In a 12-week, double-blind, placebo-controlled study, patients with chronic SWSD were randomly assigned to receive 200 mg of modafinil (Provigil) or an identical-appearing placebo taken 30 to 60 minutes before their night shifts. Efficacy was measured by patient diaries and measures of performance and functioning (FOSQ, 36-item Short Form Health Survey).

Treatment with modafinil significantly reduced the extreme sleepiness observed in patients with SWSD compared to placebo and resulted in improvements in patient functioning and quality of life. However, the residual sleepiness in this underrecognized patient population indicates a need for more effective interventions.

Other Conditions

There is no cure for narcolepsy, but treatment can improve symptoms and minimize their impact on the quality of life. Lifestyle changes and medications can help, but in severe cases, doctors can also prescribe modafinil, available from a UK pharmacy under the brand name Provigil. It is important to tell your doctor about any medicines you are taking that can make you sleepy or affect your drowsiness, as it can interact with some. This includes over-the-counter medicines, such as cold and allergy medicines.

Modafinil is a wakefulness-promoting drug that has been used since the late 1980s. It is a member of the family of benzhydryl sulfinylacetamides and chemically unrelated to, and pharmacologically distinct from traditional psychostimulants such as dextroamphetamine and methylphenidate.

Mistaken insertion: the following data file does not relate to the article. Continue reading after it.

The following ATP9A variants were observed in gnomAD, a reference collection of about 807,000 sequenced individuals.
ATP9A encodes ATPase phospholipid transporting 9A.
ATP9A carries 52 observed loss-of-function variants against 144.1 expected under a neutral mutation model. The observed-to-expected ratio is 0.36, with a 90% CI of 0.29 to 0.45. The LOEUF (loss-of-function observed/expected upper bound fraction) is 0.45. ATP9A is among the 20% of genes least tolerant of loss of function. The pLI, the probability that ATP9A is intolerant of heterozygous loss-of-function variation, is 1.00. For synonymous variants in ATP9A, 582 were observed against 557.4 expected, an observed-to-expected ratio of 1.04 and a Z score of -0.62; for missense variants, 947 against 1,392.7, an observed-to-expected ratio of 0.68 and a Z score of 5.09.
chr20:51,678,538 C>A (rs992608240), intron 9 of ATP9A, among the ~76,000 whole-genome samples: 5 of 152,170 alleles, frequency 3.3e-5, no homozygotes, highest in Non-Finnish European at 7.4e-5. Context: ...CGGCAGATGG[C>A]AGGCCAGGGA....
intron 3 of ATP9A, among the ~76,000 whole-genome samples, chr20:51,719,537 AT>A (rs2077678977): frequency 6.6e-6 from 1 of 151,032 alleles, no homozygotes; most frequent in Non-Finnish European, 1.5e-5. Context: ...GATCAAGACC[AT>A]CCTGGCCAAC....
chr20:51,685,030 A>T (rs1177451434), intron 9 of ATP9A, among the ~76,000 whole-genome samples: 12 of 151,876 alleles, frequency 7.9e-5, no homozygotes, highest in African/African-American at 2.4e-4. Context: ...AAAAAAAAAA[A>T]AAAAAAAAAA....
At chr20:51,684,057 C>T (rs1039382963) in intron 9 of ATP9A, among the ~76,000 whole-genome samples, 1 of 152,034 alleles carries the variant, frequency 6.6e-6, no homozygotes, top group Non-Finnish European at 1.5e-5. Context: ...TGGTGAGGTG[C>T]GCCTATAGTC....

It is effective in controlling the excessive daytime sleepiness of narcolepsy and idiopathic hypersomnolence, and it was approved by the FDA as a treatment for narcolepsy in 1998 after two large trials. It is also being studied for the treatment of obstructive sleep apnea and fatigue in multiple sclerosis.

However, if a patient presents with EDS in the presence of suspected or proven obstructive sleep apnea, a polysomnogram should be ordered before prescribing this medication. Suppressing a patient’s EDS with medication before a diagnosis has been confirmed could obscure the signs of underlying sleep apnea and lead to serious health consequences.